I have many adventures in feral cat rescue and meeting interesting people is part of the adventure. Now don’t get me wrong; interesting isn’t always so great. Take, for instance, two bozos I’ve had the displeasure of dealing with who work at a local college.
Slinky, an elderly feral our nonprofit has been feeding for 10 years, lives under a bridge at the college. But the head honchos (the bozos) have always prohibited us from offering him shelter. Why, you ask? Because they have their heads up their butts. I’m talkin’ way, way up there.
I believe I have an overactive compassion gene. Now don’t get me wrong; I’m not saying that’s a particularly bad trait, depending on how you look at it. For one thing, it means I’m not a psychopath since they tend not to have an ounce of compassion, let alone a conscience. So yay for me!
The reason I even brought this up is because I’m in animal rescue, specifically cats. Not that I don’t rescue other creatures. I’m what you would call an equal opportunity savior. Wait. That sounds pompous. Let me rephrase that. How about equal opportunity rescuer? Yeah, that’s better.
Now you’re going to think I’m a bit looney. And you wouldn’t be far off, especially when I tell you what I did the other day…So I’m having lunch at home when I reach for my glass of water and notice a fly inside, swimming frantically in circles. I’m not entirely certain flies swim but whatever it was doing, it looked frantic.
Recently I received a call from a gal named Kyle. She and her husband live in the mountains of Santa Cruz. She heard about my nonprofit feral rescue and wanted rodent control on her 5-acre property. Kyle tried calling organizations closer to her but never heard back. Hum, I wonder why? Sometimes groups are busy and ignore calls. Now don’t get me wrong; we aren’t that group. So I answered her call.
Santa Cruz mountains
Since Santa Cruz is a couple hours away, it’s not easy to hop over for a look at the property. So I asked Kyle to take photos and did a phone interview about their needs and whether the cats would have safe zones from possible predators. (They will.)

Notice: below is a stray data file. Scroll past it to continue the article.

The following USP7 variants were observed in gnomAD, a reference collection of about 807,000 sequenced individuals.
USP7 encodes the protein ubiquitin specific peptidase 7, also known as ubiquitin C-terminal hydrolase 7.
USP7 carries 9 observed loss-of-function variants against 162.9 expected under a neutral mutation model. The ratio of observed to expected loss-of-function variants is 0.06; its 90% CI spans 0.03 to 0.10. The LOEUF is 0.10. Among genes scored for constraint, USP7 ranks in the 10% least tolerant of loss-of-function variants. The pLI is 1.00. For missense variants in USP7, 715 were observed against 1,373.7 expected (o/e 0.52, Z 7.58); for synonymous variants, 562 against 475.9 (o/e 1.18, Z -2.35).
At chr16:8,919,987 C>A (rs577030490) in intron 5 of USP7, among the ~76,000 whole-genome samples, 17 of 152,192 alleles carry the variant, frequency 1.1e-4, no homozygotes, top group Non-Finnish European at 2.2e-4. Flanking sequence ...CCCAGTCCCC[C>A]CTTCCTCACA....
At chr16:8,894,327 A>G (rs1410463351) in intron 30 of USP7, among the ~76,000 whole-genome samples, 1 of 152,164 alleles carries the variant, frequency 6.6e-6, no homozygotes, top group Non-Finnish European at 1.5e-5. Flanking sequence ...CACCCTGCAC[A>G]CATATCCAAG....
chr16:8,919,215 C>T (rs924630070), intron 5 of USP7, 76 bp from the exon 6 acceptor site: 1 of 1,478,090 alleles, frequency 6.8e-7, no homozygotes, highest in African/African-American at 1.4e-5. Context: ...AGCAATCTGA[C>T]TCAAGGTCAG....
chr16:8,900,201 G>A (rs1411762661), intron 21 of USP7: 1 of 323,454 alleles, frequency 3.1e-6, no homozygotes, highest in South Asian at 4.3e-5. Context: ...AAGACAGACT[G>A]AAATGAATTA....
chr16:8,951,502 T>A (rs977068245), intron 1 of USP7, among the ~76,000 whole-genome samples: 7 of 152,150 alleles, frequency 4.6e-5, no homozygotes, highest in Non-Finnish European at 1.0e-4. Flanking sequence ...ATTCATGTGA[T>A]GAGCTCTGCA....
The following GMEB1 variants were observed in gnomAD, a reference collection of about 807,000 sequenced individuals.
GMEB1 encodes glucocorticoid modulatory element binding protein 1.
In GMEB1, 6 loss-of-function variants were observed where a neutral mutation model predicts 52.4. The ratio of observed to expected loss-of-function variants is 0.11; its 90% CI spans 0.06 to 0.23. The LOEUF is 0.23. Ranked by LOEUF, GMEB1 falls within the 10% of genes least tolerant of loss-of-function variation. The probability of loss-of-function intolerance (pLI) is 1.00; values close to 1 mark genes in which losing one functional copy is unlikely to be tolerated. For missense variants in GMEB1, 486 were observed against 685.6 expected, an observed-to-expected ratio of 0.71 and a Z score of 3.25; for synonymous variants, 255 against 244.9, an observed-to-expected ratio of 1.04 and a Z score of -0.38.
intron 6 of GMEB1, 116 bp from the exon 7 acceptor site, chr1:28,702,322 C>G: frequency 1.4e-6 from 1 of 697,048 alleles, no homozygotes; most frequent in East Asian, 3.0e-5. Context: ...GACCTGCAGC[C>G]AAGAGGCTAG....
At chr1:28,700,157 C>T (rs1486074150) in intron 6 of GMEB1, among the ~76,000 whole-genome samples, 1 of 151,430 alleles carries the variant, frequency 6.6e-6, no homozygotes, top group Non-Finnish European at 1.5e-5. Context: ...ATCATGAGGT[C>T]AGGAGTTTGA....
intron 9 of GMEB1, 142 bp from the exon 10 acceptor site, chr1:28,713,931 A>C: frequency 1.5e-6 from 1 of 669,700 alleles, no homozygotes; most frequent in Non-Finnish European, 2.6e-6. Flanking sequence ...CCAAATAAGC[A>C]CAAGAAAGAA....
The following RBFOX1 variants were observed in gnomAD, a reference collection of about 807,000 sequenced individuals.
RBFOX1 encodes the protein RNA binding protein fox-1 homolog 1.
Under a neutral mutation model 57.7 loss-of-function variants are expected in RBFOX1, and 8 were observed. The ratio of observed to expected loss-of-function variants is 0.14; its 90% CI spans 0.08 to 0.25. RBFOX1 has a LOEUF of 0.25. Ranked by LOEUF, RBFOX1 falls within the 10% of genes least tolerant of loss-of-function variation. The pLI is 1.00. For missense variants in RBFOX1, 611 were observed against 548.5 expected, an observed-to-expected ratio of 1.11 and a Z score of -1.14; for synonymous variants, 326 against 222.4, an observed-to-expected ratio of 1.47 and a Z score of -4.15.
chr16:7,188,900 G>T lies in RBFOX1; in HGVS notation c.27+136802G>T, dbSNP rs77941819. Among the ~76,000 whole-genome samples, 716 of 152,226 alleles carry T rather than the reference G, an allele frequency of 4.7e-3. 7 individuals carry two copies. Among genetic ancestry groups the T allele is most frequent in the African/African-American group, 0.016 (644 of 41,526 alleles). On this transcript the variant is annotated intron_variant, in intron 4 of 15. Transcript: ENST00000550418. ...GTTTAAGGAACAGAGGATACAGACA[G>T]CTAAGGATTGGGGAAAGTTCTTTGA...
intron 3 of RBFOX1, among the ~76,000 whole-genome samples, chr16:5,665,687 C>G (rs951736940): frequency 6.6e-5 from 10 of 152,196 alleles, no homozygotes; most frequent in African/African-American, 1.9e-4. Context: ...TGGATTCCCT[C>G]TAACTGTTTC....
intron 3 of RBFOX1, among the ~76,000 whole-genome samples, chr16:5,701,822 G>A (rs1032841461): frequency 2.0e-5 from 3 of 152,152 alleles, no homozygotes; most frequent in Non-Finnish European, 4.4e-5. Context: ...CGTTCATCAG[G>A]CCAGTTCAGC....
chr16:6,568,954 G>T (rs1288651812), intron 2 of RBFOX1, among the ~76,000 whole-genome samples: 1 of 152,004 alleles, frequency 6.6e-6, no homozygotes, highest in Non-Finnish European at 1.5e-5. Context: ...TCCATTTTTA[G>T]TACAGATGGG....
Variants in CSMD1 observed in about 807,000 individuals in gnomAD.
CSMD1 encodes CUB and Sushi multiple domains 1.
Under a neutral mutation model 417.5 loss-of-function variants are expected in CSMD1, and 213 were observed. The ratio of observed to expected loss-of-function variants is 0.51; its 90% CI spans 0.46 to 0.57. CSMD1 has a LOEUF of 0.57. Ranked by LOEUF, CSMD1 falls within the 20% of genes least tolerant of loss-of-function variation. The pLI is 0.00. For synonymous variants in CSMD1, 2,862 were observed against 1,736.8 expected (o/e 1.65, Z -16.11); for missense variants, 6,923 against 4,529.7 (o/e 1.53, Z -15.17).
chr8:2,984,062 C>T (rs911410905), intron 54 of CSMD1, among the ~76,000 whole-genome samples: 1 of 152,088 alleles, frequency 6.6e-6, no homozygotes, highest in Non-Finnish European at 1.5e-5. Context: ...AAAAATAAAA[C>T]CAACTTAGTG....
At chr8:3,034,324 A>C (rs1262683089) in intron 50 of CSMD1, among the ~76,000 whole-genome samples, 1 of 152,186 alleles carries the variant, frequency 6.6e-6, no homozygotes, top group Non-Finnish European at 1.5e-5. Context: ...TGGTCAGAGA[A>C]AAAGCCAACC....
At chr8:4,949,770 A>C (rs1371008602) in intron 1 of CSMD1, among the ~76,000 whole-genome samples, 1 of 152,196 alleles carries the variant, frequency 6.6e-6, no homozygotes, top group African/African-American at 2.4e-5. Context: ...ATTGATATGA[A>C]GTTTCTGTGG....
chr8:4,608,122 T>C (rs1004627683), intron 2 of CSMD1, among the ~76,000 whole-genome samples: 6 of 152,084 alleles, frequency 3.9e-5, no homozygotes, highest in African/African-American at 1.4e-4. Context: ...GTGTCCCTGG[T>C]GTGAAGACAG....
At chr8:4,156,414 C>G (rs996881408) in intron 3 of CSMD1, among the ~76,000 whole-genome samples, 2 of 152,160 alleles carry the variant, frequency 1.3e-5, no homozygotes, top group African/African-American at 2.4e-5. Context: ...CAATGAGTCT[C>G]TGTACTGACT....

Loretta, my trusty volunteer, even took the day off work to help me relocate the 4 ferals. Something must be wrong with her. She loves doing relocations, no matter how far away. She accompanied me when we went to Fresno recently and trapped 6 stranded cats. That was a long day and night but she loved every minute. Like I said, something must be wrong with her. Continue reading →
Everybody has rats. And I, for one, couldn’t be happier.
Now don’t get me wrong; unlike Michael Jackson in the movie Ben, I am not best friends with a rat. I’m quite content with my human friends, thank you very much; taking on a rat is beyond my bandwidth. No, the reason I’m happy is because more rodents mean more feral cats will be saved.
Michael and his besties
You see, my nonprofit, Marin Friends of Ferals, takes under-socialized, un-adoptable sterilized cats (ferals) and relocates them to outdoor homes. Because ferals are the Eco-friendly answer to rodent control, our Career Cat program is booming. While receiving daily meals from their guardians, the cats do what they do best: hunt. It’s a win-win situation…well, except for the poor rodents. Continue reading →
I’ve fostered 241 feral kittens and never kept one of them. Not a one. And believe me, that’s super hard when I work for weeks and sometimes months to socialize for adoption a basically wild kitten. It’s incredibly rewarding when they eventually realize I’m not a predator and soon thereafter shower me with love and adoration. So letting go isn’t easy.
Then a couple months ago Anna called. She does rescue in the East Bay and found 4 kittens living dangerously close to the freeway. She trapped all 4 except an orange and white kitten who then somehow managed to escape the trap. Practically unheard of.
The next day Anna re-trapped the hungry kitten and promptly named him after escape artist, Houdini. Turns out he is a she, so she became Dini. Three of the 4 kittens were feral and will be Career Cats, re-homed to properties for rodent control but who receive shelter, daily food and water. Dini, however, went into foster.